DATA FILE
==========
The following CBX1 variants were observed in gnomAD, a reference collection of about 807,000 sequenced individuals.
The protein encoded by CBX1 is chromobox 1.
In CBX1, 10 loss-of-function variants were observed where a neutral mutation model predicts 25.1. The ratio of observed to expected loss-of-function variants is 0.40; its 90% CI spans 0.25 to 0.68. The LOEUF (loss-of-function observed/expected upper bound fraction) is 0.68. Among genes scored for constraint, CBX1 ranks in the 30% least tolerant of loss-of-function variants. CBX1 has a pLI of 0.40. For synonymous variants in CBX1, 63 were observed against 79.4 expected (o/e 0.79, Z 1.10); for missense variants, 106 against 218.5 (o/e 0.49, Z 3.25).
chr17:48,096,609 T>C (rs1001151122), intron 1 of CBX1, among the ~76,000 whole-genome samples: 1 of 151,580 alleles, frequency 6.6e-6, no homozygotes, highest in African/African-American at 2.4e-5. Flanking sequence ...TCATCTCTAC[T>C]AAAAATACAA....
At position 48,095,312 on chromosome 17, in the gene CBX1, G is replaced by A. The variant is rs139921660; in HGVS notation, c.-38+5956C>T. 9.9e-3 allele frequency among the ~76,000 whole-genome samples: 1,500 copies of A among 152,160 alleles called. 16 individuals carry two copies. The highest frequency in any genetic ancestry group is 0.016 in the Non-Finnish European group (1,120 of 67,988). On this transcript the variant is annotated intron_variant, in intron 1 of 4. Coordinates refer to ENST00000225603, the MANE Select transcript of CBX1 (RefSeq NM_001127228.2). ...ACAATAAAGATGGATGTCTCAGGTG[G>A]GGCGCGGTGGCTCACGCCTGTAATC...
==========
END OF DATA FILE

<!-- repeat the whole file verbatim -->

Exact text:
The following CBX1 variants were observed in gnomAD, a reference collection of about 807,000 sequenced individuals.
The protein encoded by CBX1 is chromobox 1.
In CBX1, 10 loss-of-function variants were observed where a neutral mutation model predicts 25.1. The ratio of observed to expected loss-of-function variants is 0.40; its 90% CI spans 0.25 to 0.68. The LOEUF (loss-of-function observed/expected upper bound fraction) is 0.68. Among genes scored for constraint, CBX1 ranks in the 30% least tolerant of loss-of-function variants. CBX1 has a pLI of 0.40. For synonymous variants in CBX1, 63 were observed against 79.4 expected (o/e 0.79, Z 1.10); for missense variants, 106 against 218.5 (o/e 0.49, Z 3.25).
chr17:48,096,609 T>C (rs1001151122), intron 1 of CBX1, among the ~76,000 whole-genome samples: 1 of 151,580 alleles, frequency 6.6e-6, no homozygotes, highest in African/African-American at 2.4e-5. Flanking sequence ...TCATCTCTAC[T>C]AAAAATACAA....
At position 48,095,312 on chromosome 17, in the gene CBX1, G is replaced by A. The variant is rs139921660; in HGVS notation, c.-38+5956C>T. 9.9e-3 allele frequency among the ~76,000 whole-genome samples: 1,500 copies of A among 152,160 alleles called. 16 individuals carry two copies. The highest frequency in any genetic ancestry group is 0.016 in the Non-Finnish European group (1,120 of 67,988). On this transcript the variant is annotated intron_variant, in intron 1 of 4. Coordinates refer to ENST00000225603, the MANE Select transcript of CBX1 (RefSeq NM_001127228.2). ...ACAATAAAGATGGATGTCTCAGGTG[G>A]GGCGCGGTGGCTCACGCCTGTAATC...